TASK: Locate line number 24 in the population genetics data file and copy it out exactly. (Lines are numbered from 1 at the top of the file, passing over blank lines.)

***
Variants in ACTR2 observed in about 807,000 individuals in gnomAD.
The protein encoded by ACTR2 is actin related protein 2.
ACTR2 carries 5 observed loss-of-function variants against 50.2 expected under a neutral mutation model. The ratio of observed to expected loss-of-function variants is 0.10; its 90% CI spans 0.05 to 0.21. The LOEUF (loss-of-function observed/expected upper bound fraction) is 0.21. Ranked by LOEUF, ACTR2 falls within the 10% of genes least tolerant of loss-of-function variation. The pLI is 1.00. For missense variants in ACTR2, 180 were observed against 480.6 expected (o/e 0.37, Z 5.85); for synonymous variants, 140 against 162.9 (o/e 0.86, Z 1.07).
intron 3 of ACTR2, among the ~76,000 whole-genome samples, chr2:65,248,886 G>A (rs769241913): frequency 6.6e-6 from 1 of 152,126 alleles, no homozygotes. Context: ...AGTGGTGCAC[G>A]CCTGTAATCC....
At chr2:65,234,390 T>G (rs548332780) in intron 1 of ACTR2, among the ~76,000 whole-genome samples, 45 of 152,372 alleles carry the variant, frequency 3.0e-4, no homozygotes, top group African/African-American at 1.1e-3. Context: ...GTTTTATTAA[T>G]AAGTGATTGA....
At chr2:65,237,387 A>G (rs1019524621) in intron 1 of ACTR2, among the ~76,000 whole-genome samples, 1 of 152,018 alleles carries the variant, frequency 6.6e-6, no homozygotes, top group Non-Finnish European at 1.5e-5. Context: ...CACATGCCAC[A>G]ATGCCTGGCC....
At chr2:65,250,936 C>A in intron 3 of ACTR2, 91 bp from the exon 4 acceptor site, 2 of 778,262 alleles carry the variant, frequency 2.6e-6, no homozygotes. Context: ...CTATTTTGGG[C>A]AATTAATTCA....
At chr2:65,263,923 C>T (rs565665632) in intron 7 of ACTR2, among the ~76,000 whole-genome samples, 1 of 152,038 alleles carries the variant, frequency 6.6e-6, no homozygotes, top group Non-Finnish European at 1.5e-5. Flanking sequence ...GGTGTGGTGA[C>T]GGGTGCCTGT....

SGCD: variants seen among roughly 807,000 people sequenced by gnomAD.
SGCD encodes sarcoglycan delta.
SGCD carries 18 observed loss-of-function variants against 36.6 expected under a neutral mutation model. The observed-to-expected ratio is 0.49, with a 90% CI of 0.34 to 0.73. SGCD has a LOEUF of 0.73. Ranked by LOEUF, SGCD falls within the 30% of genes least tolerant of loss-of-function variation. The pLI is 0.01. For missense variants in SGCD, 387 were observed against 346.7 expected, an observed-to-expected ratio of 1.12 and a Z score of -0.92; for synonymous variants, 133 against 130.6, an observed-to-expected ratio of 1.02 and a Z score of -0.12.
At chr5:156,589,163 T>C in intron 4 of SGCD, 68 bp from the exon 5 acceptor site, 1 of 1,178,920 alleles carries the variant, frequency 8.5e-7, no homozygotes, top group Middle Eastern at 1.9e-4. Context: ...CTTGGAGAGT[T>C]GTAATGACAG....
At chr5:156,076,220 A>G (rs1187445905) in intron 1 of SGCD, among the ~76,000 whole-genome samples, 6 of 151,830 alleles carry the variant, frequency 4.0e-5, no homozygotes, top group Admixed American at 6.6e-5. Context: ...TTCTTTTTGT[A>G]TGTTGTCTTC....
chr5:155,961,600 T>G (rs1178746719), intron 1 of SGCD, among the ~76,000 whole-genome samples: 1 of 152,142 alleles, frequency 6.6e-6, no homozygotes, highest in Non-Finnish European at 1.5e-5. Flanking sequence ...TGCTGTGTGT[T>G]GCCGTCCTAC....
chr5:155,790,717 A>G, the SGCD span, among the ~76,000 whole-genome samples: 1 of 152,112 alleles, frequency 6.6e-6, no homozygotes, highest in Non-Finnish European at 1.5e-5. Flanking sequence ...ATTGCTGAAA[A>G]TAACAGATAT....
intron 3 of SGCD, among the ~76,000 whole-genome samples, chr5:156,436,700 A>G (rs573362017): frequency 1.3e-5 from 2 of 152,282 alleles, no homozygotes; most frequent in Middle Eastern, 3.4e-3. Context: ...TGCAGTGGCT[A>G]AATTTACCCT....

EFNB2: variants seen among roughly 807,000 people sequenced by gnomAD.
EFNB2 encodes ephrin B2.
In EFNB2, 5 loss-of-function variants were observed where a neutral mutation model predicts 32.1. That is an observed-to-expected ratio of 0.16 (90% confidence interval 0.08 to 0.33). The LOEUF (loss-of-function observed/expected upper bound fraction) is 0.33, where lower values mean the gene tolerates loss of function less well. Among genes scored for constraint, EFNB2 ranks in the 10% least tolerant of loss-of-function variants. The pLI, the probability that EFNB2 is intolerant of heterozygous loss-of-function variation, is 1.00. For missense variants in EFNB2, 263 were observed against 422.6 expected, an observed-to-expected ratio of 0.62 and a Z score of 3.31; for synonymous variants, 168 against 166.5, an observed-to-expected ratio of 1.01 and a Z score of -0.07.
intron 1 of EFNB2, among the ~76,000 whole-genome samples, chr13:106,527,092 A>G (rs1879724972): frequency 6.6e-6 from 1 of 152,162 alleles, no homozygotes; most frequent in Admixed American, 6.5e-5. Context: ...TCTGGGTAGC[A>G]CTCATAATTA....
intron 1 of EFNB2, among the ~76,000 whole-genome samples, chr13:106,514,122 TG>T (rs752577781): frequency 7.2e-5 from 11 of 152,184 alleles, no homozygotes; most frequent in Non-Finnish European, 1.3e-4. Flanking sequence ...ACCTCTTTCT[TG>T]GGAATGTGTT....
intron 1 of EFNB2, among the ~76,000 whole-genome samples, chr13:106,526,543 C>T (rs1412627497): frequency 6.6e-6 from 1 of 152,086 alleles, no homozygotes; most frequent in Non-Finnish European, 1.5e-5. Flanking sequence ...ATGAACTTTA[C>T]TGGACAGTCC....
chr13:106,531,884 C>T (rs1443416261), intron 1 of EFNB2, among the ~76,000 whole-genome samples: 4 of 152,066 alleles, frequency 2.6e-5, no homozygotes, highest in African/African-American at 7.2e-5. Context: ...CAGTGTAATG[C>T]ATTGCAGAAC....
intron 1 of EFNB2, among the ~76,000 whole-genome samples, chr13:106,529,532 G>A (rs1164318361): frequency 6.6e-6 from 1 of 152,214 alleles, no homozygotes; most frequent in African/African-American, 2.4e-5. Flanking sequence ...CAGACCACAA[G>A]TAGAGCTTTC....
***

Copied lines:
intron 1 of EFNB2, among the ~76,000 whole-genome samples, chr13:106,529,532 G>A (rs1164318361): frequency 6.6e-6 from 1 of 152,214 alleles, no homozygotes; most frequent in African/African-American, 2.4e-5. Flanking sequence ...CAGACCACAA[G>A]TAGAGCTTTC....